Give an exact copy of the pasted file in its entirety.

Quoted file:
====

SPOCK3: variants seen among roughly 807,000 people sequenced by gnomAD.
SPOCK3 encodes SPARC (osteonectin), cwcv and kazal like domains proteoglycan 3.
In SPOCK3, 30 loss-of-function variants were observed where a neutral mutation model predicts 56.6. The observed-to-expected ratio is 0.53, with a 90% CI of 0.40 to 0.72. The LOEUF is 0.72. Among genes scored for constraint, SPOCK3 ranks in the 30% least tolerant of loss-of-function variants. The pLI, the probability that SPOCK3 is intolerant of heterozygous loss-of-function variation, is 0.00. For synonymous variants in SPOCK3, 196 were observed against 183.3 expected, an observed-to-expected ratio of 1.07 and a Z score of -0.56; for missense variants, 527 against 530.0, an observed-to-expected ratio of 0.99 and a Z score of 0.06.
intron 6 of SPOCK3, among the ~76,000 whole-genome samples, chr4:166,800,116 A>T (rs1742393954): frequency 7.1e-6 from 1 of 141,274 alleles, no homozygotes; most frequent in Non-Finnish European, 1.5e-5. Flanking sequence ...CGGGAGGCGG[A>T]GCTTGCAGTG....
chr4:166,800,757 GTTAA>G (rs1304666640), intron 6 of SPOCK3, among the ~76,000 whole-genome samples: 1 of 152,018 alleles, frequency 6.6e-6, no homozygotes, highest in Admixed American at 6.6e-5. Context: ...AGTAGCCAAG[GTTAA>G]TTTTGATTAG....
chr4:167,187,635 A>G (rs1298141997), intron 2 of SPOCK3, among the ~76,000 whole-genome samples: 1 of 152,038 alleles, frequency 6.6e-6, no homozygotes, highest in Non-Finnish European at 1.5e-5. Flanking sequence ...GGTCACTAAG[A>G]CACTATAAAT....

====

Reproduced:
SPOCK3: variants seen among roughly 807,000 people sequenced by gnomAD.
SPOCK3 encodes SPARC (osteonectin), cwcv and kazal like domains proteoglycan 3.
In SPOCK3, 30 loss-of-function variants were observed where a neutral mutation model predicts 56.6. The observed-to-expected ratio is 0.53, with a 90% CI of 0.40 to 0.72. The LOEUF is 0.72. Among genes scored for constraint, SPOCK3 ranks in the 30% least tolerant of loss-of-function variants. The pLI, the probability that SPOCK3 is intolerant of heterozygous loss-of-function variation, is 0.00. For synonymous variants in SPOCK3, 196 were observed against 183.3 expected, an observed-to-expected ratio of 1.07 and a Z score of -0.56; for missense variants, 527 against 530.0, an observed-to-expected ratio of 0.99 and a Z score of 0.06.
intron 6 of SPOCK3, among the ~76,000 whole-genome samples, chr4:166,800,116 A>T (rs1742393954): frequency 7.1e-6 from 1 of 141,274 alleles, no homozygotes; most frequent in Non-Finnish European, 1.5e-5. Flanking sequence ...CGGGAGGCGG[A>T]GCTTGCAGTG....
chr4:166,800,757 GTTAA>G (rs1304666640), intron 6 of SPOCK3, among the ~76,000 whole-genome samples: 1 of 152,018 alleles, frequency 6.6e-6, no homozygotes, highest in Admixed American at 6.6e-5. Context: ...AGTAGCCAAG[GTTAA>G]TTTTGATTAG....
chr4:167,187,635 A>G (rs1298141997), intron 2 of SPOCK3, among the ~76,000 whole-genome samples: 1 of 152,038 alleles, frequency 6.6e-6, no homozygotes, highest in Non-Finnish European at 1.5e-5. Flanking sequence ...GGTCACTAAG[A>G]CACTATAAAT....